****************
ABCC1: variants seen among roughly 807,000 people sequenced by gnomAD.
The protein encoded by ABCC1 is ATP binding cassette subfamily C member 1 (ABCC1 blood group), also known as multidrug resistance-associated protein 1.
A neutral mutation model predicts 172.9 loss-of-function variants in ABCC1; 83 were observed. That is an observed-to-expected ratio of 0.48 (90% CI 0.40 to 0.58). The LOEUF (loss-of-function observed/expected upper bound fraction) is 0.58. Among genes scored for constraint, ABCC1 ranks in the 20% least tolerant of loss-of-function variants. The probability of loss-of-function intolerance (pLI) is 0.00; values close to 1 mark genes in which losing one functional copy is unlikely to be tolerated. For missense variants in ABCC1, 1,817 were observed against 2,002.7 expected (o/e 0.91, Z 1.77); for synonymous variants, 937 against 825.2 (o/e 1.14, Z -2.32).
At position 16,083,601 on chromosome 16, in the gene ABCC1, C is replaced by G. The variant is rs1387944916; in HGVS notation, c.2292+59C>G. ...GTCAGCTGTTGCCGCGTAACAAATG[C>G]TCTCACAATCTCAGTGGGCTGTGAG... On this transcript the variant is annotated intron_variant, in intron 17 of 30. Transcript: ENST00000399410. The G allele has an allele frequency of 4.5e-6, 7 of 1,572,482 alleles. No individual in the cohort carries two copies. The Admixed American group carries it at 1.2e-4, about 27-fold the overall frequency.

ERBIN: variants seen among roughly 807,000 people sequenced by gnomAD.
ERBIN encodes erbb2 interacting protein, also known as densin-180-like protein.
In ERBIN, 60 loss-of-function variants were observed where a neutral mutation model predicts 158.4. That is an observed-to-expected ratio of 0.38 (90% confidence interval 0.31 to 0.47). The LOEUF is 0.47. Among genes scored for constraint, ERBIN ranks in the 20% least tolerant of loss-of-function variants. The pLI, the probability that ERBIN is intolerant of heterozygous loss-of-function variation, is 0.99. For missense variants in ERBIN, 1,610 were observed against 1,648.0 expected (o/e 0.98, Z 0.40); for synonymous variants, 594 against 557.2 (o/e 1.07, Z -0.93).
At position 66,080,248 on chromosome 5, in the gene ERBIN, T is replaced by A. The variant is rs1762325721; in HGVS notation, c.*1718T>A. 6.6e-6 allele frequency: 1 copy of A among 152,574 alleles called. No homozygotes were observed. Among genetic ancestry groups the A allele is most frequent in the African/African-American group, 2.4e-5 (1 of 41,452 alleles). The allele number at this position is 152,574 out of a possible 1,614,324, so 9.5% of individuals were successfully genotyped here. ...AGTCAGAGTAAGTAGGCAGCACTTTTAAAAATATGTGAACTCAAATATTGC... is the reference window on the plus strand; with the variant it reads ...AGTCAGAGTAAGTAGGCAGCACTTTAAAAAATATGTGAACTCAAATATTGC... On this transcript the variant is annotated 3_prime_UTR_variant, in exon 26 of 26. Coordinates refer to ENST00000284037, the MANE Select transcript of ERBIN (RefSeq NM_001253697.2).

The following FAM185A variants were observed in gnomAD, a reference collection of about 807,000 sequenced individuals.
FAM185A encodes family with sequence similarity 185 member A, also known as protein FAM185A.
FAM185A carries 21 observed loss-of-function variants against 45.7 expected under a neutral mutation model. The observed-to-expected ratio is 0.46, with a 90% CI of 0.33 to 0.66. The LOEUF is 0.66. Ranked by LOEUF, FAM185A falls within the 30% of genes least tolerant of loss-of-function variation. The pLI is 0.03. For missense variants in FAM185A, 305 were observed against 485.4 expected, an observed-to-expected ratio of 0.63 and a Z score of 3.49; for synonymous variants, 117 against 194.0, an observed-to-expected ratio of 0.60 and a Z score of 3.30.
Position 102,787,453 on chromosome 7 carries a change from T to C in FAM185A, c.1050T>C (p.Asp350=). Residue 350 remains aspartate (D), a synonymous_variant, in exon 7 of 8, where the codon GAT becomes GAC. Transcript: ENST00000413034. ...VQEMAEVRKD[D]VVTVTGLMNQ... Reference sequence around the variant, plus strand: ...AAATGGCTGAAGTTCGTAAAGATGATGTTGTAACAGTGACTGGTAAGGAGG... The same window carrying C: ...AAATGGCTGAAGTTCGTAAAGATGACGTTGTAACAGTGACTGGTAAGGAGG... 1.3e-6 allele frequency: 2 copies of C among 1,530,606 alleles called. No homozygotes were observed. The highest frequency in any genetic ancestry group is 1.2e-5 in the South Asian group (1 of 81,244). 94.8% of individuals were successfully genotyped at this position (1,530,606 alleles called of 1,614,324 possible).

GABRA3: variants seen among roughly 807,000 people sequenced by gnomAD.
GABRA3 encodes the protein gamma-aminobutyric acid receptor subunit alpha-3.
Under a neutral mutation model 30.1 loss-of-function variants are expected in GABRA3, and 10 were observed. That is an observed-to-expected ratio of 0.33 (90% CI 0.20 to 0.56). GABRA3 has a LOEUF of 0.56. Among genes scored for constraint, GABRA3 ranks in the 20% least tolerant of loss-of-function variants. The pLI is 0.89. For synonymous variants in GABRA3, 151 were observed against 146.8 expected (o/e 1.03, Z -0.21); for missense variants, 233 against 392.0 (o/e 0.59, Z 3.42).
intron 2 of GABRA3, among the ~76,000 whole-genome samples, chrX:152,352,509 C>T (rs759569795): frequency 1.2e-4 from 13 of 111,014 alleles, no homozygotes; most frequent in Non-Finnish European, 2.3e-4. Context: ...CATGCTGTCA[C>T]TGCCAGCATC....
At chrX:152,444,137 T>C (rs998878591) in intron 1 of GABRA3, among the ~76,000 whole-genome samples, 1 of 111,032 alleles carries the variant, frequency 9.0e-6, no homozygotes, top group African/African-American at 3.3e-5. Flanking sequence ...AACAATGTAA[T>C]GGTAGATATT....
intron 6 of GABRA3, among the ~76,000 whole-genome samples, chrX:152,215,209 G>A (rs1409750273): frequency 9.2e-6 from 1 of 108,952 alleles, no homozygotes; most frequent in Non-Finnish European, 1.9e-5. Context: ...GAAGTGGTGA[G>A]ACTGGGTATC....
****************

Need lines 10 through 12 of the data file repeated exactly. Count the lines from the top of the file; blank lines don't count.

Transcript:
FAM185A encodes family with sequence similarity 185 member A, also known as protein FAM185A.
FAM185A carries 21 observed loss-of-function variants against 45.7 expected under a neutral mutation model. The observed-to-expected ratio is 0.46, with a 90% CI of 0.33 to 0.66. The LOEUF is 0.66. Ranked by LOEUF, FAM185A falls within the 30% of genes least tolerant of loss-of-function variation. The pLI is 0.03. For missense variants in FAM185A, 305 were observed against 485.4 expected, an observed-to-expected ratio of 0.63 and a Z score of 3.49; for synonymous variants, 117 against 194.0, an observed-to-expected ratio of 0.60 and a Z score of 3.30.
Position 102,787,453 on chromosome 7 carries a change from T to C in FAM185A, c.1050T>C (p.Asp350=). Residue 350 remains aspartate (D), a synonymous_variant, in exon 7 of 8, where the codon GAT becomes GAC. Transcript: ENST00000413034. ...VQEMAEVRKD[D]VVTVTGLMNQ... Reference sequence around the variant, plus strand: ...AAATGGCTGAAGTTCGTAAAGATGATGTTGTAACAGTGACTGGTAAGGAGG... The same window carrying C: ...AAATGGCTGAAGTTCGTAAAGATGACGTTGTAACAGTGACTGGTAAGGAGG... 1.3e-6 allele frequency: 2 copies of C among 1,530,606 alleles called. No homozygotes were observed. The highest frequency in any genetic ancestry group is 1.2e-5 in the South Asian group (1 of 81,244). 94.8% of individuals were successfully genotyped at this position (1,530,606 alleles called of 1,614,324 possible).